A narrative that describes a young girl’s trails and tribulations while being an involuntary member of the institution of slavery, Incidents in the Life of a Slave Girl attempts to open many eyes to the world of slavery. The author, Harriet Jacobs, wishes those in north would do more to put a stop to the destructive practice entitled slavery. As Jacobs states, slavery contains a de-constructive force that effects to all who surround it. It tears apart families (both white and black). Jacobs confronts her reader one on one in order to reemphasize her point. In addition, she uses the family and sentiment to appeal to and challenge her 19th century white female readers in order to effectively gain their support in the movement for abolition.
What is Jacobs hoping to find? She looks for northern women that will recognize that they have a duty and an obligation to put a stop to slavery in the south, as well as the recapture and trading of runaway slaves in the north. Along with recognizing the obvious, Jacobs wants these women to act upon such injustices. To take into their hands the duty of putting a stop this demoralizing, destructive way of life (the slavery way of life). This lifestyle taints all who take part in it with a stench of a repulsing evil. Attached to all involved (good and bad), this devilish smell carries the strength of hatred with it. “I was struggling alone in the powerful grasp of the demon Slavery; and the monster proved too strong for me” (Brent 54).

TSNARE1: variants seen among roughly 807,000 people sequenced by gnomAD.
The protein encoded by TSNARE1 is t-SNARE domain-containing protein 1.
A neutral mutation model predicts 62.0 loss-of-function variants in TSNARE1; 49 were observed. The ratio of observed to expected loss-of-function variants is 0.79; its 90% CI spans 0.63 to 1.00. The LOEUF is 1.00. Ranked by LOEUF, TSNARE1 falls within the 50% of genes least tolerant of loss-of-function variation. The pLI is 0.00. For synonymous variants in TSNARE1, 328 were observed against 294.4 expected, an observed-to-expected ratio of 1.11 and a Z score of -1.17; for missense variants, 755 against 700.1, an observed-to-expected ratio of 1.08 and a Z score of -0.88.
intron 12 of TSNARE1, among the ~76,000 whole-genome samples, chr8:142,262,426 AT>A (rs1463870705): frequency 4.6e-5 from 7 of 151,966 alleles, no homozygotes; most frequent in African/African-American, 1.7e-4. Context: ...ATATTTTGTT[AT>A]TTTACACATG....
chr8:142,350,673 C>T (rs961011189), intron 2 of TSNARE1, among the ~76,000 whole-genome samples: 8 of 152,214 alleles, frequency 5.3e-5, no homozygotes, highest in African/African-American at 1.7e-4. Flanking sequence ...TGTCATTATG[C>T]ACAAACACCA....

Jacobs deems it necessary to gain emotional support from her reader by writing in a way that allows her to draw sympathy from the reader. Kindling a flame of passion in all who read this book, Jacobs attempts to light a fire under those who are not impartial to slavery. Intended to spread to the North, this fire does not burn the skin, but torches the spirit. One would call it a pilot light for freedom.
Ripping apart families, slavery contains awful feelings in association with it. The stripping of children from their mother’s arms, the cries of a son for his father, the tears a grandmother sheds for her lost brethren; all tear holes in the spirit and soul of their victims. Jacobs knows the sympathy felt from one mother to another when a situation involves losing a child. Knowing this and using it to appeal to readers, Harriet related to them with a strong message of family. Slave families were not the only ones affected. That is why Mr. And Mrs. Flint played such a grand role.
In her writing Jacobs appeals to readers through the use family. Grabbing them emotionally, she confronts her readers on a personal level. By confronting their silence, and their inability to stand up for what the obvious injustices taking place. She confronts the fact that someone needs to put a stop to an evil that should not be taking place. She confronts them by questioning their nature as a mother, a father, a family member, or even their nature as a human. Most have no answer. That is, most have no humane answer.
Harriet Jacobs, the author of Incidents in the Life of a Slave Girl, attempts to emotionally stimulate her readers. She looks for support. A support that will help put a stop to slavery. Slavery destroys families and morals as well. Why would people remain silent if they have an opinion to voice? Incidents in the Life of a Slave Girl motivates these voices to be heard. Jacobs asks her reader a very simple question in order to reemphasize her point, why? Now another questions remains, how much can one people take? Once fed up, people do not accept it anymore. If you were full, would you go back for second?